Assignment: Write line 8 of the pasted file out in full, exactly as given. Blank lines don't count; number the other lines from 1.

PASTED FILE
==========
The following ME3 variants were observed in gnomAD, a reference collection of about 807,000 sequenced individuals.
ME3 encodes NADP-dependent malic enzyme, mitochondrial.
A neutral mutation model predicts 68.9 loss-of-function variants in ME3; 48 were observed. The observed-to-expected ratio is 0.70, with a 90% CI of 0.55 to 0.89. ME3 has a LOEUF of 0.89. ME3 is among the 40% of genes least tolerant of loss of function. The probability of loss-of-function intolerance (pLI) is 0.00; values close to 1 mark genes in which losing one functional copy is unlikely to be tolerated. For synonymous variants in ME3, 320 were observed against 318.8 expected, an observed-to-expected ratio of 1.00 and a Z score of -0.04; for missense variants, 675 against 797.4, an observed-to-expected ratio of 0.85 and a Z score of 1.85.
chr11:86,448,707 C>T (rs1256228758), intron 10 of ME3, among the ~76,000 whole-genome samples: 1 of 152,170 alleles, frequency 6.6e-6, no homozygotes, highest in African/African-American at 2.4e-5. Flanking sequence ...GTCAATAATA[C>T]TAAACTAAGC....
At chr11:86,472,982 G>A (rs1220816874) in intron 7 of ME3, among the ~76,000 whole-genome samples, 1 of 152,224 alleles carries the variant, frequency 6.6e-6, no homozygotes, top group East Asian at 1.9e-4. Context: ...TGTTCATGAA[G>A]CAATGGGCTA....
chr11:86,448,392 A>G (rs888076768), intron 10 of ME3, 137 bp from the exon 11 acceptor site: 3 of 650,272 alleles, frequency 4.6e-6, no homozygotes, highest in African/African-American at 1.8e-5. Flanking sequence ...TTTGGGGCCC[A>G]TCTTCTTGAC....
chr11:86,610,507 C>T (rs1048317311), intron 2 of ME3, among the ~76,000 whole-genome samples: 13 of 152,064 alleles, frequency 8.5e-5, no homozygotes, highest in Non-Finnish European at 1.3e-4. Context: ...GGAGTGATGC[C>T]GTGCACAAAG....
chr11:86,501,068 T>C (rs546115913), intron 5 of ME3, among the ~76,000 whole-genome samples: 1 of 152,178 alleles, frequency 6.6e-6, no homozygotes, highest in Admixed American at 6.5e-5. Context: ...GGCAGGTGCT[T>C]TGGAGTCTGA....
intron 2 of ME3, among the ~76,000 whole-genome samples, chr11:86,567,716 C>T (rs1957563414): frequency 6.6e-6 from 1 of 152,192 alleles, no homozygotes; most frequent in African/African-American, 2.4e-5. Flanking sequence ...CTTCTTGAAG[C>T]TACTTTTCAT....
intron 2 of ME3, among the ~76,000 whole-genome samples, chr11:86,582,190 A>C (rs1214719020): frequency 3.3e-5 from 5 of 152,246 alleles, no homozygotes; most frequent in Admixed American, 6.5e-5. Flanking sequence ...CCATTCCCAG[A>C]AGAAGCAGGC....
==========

chr11:86,501,068 T>C (rs546115913), intron 5 of ME3, among the ~76,000 whole-genome samples: 1 of 152,178 alleles, frequency 6.6e-6, no homozygotes, highest in Admixed American at 6.5e-5. Context: ...GGCAGGTGCT[T>C]TGGAGTCTGA....